The Water Department can advise against fracking below public water supplies but it has no veto over the practice.

    The Health Department says it is concerned about the impact of shale gas fracking on the environment and public health.

    Chief health officer Tarun Weeramanthri told the parliamentary inquiry he was worried about the possible contamination of water supplies from chemicals used in fracking and air pollution.

    But Mr Weeramanthri said he is happy so far with new regulations to control fracking in WA particularly on the disclosure of chemicals used in fracking fluid.

    He said the department had limited regulatory power over fracking but said he was comfortable with how discussions were going with the DMP.

    Mr Weeramanthri is working on a memorandum of understanding with the DMP so the health department can review chemicals used in the fracking process.

    The chemicals used will have to be disclosed publicly under the new regulations.

    The DMP is looking at increasing penalties for breaches of mining and petroleum laws.

    The maximum penalty under the new petroleum regulations is currently $10,000 per breach, a level that committee members at the inquiry said was too low.

    The inquiry is looking into the implications of hydraulic fracturing, where high pressure drills are used to fracture hard rock thousands of metres below the earth's surface to release natural gas.

    WA energy company, Buru Energy, plans to begin the state's first commercial shale gas fracking in April.

  5. Heatwave frequency 'surpasses levels previously predicted for 2030'

    Abbott government urged to better articulate dangers of climate change as Climate Council highlights rising number of hot days

    The government has been urged to better articulate the dangers of climate change after a report that shows the frequency of heatwaves in parts of Australia has already surpassed levels previously predicted for 2030.

    The Climate Council report highlights that Adelaide, Melbourne and Canberra all experienced a higher average number of hot days between 2000 and 2009 than was expected to occur by 2030.

    Research by the CSIRO forecast that Melbourne would experience an average of 12 days over 35C each year from 2030, but the average over the past decade was 12.6 days.

    Adelaide experienced an average of 25.1 days a year over 35C in this time, while Canberra surpassed this mark an average of 9.4 days.

    The annual number of record hot days across Australia has more than doubled since 1950, according to the Climate Council report, with the south-east of the country at particular risk from more frequent heatwaves, drought and bushfires.

    Last month’s heatwave, which enveloped much of Victoria and South Australia, caused 203 heat-related deaths in Victoria alone, according to the report.

    Tim Flannery, of the Climate Council, told Guardian Australia that heatwaves were the “most dangerous natural hazards in Australia”.

    “They kill hundreds of people and the fact they are accelerating beyond the predicted trends is a concern,” he said. “Heatwaves are coming earlier, they are lasting longer and they are hotter. They build up for days and before you know it, elderly people, infants and the homeless are in danger.”

    On Monday, Tony Abbott dismissed talk of a link between climate change and drought, saying there “have always been tough times and lush times”. Last year he played down the connection between climate change and bushfire.

    Flannery said there was “clear evidence” of these links and said the government had yet to articulate the dangers of climate change and how it would combat it.

    “We’re not looking at these things in a linked-up way, we don’t seem to recognise the relationship between the number and intensity of heatwaves on bushfires, and the impact on droughts,” he said. “It’s an inconvenient truth and people don’t want to face the truth.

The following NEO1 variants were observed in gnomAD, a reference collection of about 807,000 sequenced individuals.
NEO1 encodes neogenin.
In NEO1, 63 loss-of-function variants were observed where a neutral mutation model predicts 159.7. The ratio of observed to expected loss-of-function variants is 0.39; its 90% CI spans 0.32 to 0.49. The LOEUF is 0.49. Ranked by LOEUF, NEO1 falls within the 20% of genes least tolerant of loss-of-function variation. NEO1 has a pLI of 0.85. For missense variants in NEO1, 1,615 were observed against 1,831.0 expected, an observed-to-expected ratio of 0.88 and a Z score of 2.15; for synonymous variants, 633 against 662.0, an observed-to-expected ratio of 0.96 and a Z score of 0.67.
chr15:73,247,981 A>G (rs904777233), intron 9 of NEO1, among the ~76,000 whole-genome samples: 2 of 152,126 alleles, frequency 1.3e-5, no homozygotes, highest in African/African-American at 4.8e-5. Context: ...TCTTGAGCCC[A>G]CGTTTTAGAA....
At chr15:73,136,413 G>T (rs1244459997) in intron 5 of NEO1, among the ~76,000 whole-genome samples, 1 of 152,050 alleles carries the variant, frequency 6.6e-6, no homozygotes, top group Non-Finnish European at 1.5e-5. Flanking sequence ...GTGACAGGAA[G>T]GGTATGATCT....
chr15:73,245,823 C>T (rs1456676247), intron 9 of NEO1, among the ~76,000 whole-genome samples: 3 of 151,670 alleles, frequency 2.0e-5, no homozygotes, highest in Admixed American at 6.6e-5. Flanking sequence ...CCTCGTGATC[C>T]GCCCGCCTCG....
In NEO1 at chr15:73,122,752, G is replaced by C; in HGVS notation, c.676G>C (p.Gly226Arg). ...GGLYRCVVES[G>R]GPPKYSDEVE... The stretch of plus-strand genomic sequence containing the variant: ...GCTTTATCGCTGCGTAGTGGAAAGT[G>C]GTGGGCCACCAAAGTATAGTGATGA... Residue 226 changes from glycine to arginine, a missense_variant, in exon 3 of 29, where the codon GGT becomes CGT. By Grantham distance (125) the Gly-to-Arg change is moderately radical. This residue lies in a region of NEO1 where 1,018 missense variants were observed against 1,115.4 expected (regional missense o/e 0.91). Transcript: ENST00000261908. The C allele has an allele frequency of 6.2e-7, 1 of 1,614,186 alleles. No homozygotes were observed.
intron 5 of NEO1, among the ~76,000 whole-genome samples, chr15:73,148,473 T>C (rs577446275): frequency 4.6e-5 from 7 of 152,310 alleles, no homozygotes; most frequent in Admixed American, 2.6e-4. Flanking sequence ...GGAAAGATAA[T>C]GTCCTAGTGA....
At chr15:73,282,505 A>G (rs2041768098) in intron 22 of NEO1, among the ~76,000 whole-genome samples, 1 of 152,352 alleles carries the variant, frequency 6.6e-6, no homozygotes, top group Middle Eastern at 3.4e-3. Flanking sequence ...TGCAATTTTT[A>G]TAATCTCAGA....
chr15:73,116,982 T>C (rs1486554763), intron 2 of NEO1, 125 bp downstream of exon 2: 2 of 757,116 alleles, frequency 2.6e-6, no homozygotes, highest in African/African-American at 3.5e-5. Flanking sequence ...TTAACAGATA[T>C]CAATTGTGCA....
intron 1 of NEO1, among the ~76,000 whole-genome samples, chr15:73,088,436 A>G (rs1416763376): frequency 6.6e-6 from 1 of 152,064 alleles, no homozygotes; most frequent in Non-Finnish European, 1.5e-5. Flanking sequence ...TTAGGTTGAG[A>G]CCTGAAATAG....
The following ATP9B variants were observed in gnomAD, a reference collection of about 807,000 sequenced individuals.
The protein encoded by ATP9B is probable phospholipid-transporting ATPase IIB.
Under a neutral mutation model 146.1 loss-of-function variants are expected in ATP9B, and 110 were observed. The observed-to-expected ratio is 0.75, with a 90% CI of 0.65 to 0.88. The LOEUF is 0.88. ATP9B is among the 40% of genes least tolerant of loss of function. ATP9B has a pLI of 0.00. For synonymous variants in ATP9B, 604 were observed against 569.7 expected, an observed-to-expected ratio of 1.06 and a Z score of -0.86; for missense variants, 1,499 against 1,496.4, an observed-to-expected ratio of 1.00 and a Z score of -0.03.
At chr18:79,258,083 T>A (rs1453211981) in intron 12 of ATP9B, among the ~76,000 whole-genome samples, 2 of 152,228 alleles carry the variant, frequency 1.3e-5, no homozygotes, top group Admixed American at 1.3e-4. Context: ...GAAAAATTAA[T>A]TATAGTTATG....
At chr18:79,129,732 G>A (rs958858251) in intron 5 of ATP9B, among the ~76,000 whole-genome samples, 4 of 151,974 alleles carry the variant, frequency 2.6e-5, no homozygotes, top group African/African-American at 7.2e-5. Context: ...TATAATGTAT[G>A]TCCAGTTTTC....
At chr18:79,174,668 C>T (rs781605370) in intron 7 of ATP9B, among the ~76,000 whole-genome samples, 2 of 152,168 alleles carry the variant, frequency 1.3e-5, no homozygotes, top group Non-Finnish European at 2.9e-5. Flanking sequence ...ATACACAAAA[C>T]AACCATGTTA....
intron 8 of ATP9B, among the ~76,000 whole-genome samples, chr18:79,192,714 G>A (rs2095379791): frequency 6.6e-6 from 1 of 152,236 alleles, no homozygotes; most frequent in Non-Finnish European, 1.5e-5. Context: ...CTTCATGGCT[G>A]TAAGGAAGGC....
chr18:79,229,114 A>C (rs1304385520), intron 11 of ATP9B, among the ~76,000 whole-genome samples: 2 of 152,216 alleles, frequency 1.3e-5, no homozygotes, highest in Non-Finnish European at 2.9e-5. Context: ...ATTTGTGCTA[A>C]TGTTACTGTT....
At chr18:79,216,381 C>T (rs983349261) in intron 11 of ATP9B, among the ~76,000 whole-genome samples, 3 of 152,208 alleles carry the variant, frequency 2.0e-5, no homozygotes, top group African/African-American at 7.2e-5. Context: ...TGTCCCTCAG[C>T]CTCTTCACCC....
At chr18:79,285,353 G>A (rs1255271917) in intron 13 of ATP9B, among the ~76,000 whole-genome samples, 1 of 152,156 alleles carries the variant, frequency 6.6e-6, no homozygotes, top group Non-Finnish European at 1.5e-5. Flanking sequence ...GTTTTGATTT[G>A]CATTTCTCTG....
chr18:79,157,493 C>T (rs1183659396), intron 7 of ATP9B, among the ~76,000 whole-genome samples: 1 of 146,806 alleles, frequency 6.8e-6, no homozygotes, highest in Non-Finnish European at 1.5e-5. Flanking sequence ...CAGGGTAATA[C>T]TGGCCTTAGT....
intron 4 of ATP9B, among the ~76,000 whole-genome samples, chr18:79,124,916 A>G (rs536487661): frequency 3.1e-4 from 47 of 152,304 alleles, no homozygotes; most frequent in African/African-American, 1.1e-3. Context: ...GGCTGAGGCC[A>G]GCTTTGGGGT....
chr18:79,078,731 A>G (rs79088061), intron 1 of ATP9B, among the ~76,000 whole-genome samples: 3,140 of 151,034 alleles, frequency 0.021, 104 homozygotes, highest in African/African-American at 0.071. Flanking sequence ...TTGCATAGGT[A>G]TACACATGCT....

“Aspects of drought conditions are clearly linked to heatwaves. I’ve spoken to farmers in NSW and they say they’ve never seen anything like the evaporation rates from dams before, due to the number of very hot days.”

    Flannery added: “Governments have a responsibility to keep Australians safe from dangers such as climate change. You need to be explicit about that threat. We have yet to see that policy yet. I mean, who knows what Direct Action is?”

    Flannery said he had a “long friendship” with Greg Hunt, the environment minister, who is regularly depicted by Labor as being sidelined within cabinet by Coalition climate sceptics.

    “Like any minister he has moments of frustration,” Flannery said. “There are clearly others in the party who are outright sceptics. The government certainly doesn’t seem to be leading the discussion on climate change.”

    “We don’t comment directly on policy issues, but it’s clear to see that we had peak emissions in Australia in 2008 and, since then, we’ve reduced emissions by one third of 1%. In the US, they had their peak in 2008 and have reduced emissions by 10.9%.

    “China has made incredible gains in renewable energy and reducing emissions intensity. We should be keeping up but we are in danger of losing sight of the frontrunners.”

  6. Climate sceptic to lead review of Australia's renewable energy target

    Industrialist Dick Warburton will head review whose terms of reference focus heavily on impact of RET on power prices

    The Abbott government has appointed a self-professed climate sceptic to head an “extensive” review of the renewable energy target.

    Dick Warburton, a veteran industrialist and current chairman of the Westfield Retail Trust, described his views on climate science in a 2011 interview on ABC.

    “Well I am a sceptic. I’ve never moved away from that. I’ve always believed sceptical,’’ he said. “But a sceptic is a different person than a denier. I say the science is not settled. I’m not saying it’s wrong. I’ve never said it’s wrong, but I don’t believe it’s settled.”

    Among those joining Warburton on the long-promised review is Dr Brian Fisher, former head of the agricultural research bureau ABARES and a leading climate change modeller who repeatedly warned about the potential economic impacts of the carbon tax before it was legislated.

    As flagged by the prime minister, Tony Abbott, the review’s terms of reference focus heavily on the impact of the RET on power prices, but also include the need for investment certainty for the renewables industry.